Our brain doesn't know the difference between good and bad habits. It has established our habitual loops of behaviour as shortcuts to keep it from being overwhelmed by every minute little daily decision. If we are truly interested in creating change into our lives we must focus on modifying our behaviour at the existing habitual level.

Our habits develop power over us because they create neurological cravings, most of which we are largely unaware of. Generally speaking our habits have three basic components...

  1. Cue...  our habits start with a particular cue or trigger, something that tells the brain which habit it is to engage
  2. Routine... which is the habit pattern of behaviour to engage
  3. Reward... the strength of the reward we experience once the behaviour loop is engaged is what lets the brain know whether that loop is worth remembering. The more positive the perceived reward, the more reinforced and automatic the loop becomes
You can disrupt this cycle by focusing on the middle part of that loop. You can never really extinguish bad habits so you want to 'modify' the cycle rather than trying to delete it. To start you must begin by identifying the cycle itself. What are the cues that trigger the habit loop to start? For smokers looking to quit they need to identify each of the cues that trigger them to reach for their cigarette pack, for people looking to lose weight the cues that trigger their 'snack' choices or timing. Although these cues are operating unconsciously, you can become aware of them by stopping each time that behaviour loop starts and reflecting on what precipitated it. Jot it down. You'll soon have a clear list of your identified triggers and cues.

Your job then is to replace the routine that follows. Instead of allowing your existing habit loop to run insert your desired new one. Make it as consistent as possible each time to help the brain to recognise the pattern. Reinforce the associated reward. Make a big deal of it. Celebrate the change in your choices. You want your brain to acknowledge the choice as a desired one. If you eat carrots instead of chips but bemoan the choice your brain is not going to go out of its way to anchor that habit in place. Instead, think about how proud you are of the choice, how good you feel, how much more energy you have. Even if it's not true - these are the messages you want cemented to that action.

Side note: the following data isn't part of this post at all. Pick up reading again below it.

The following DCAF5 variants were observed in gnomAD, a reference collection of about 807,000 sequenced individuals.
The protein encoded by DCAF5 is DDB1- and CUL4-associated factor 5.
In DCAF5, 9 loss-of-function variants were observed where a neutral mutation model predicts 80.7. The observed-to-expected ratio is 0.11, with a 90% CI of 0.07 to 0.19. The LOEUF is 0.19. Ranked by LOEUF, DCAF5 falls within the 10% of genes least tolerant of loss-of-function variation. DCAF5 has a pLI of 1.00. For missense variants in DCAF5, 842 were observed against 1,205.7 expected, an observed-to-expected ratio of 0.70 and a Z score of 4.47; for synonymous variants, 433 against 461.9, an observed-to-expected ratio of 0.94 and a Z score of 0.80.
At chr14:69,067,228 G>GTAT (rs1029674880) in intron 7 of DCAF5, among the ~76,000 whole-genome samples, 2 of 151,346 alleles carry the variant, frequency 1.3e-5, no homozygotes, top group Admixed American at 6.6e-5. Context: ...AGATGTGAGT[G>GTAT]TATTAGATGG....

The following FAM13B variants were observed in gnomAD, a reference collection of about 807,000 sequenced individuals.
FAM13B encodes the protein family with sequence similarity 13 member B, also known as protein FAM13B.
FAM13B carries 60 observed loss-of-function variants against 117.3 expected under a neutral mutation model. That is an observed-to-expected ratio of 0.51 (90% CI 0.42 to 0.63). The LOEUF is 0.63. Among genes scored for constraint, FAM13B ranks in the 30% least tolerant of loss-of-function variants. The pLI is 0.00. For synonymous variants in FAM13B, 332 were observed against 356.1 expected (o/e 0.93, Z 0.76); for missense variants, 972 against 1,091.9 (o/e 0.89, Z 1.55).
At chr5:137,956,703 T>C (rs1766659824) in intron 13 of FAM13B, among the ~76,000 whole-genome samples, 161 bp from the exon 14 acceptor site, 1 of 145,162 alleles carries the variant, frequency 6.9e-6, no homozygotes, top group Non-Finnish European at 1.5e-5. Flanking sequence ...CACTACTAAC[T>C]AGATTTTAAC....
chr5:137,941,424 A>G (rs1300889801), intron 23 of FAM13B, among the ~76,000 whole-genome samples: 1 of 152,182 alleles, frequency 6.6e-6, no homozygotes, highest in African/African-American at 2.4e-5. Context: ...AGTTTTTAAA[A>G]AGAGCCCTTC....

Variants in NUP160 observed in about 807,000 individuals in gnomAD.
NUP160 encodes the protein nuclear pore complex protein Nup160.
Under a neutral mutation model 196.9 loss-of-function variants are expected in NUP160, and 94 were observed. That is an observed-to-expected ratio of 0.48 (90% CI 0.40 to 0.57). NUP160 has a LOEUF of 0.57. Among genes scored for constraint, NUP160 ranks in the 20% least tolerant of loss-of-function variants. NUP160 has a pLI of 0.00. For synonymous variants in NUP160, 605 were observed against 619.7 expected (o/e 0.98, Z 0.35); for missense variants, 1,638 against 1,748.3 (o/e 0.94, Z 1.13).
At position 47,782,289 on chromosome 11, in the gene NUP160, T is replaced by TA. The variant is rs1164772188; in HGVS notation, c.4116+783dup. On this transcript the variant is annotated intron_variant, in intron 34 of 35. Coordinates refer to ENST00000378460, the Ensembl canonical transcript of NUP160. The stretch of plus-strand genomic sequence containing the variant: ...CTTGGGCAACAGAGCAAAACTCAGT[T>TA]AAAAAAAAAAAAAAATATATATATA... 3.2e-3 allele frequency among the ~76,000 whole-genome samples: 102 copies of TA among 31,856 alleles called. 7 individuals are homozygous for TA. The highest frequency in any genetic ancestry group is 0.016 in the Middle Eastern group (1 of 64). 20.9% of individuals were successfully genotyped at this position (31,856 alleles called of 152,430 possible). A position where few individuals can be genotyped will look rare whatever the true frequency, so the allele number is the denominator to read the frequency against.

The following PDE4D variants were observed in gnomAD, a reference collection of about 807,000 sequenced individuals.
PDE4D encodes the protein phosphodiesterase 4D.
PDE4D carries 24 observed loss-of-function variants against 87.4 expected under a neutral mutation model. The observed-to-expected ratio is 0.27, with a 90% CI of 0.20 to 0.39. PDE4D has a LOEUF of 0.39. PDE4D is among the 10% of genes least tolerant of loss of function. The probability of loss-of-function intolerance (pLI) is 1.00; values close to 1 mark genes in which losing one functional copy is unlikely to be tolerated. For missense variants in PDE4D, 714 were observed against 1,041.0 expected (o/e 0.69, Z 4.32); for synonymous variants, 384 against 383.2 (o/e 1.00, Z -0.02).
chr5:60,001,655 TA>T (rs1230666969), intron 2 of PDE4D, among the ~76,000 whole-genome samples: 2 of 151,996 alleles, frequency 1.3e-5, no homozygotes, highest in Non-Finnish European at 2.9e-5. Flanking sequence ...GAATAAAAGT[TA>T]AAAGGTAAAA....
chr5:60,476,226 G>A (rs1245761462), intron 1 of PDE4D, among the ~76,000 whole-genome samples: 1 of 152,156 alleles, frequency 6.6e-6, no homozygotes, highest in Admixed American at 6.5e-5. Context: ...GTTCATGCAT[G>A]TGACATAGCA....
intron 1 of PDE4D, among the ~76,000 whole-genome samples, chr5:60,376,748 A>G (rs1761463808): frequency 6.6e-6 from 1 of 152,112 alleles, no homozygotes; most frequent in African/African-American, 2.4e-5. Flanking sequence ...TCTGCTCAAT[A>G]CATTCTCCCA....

The only other magical ingredient needed to make the new habits stick is the Belief that it will work. You need to believe that change is possible, that you can make that change, that things can get better. It seems that for all the effort and attempts people make to change, the reason they keep boomeranging back to the original habit is that they lack the belief the new behaviours will stick.

Whether it's belief in yourself, belief in the science or belief in the disruption formula above, permanent change requires the addition of belief. So don't beat yourself up about all of your failed attempts in the past. This time things will be different... if you truly believe they will.

Thursday, April 6, 2017

Tip Thursday - Branding

Today we're not just talking about branding but, in particular, YOUR brand. The first thing that our brains do, when coming across something new, is to classify it along with something else, something familiar. This means that we stereotype - everything.

Therefore, knowing how people are most likely to stereotype you allows you to determine what works for your brand... and what doesn't. This allows you to develop strategies for playing into and building upon this impression or to break that pattern of thinking immediately so they are forced to re-classify you!

Although it may not be politically correct in today's world to speak about stereotypes it doesn't mean they don't exist. Spending time to understand how you are most likely to be stereotyped allows you to find ways to capitalize on or to shift those impressions - ensuring always that they help to sell your desired branded message.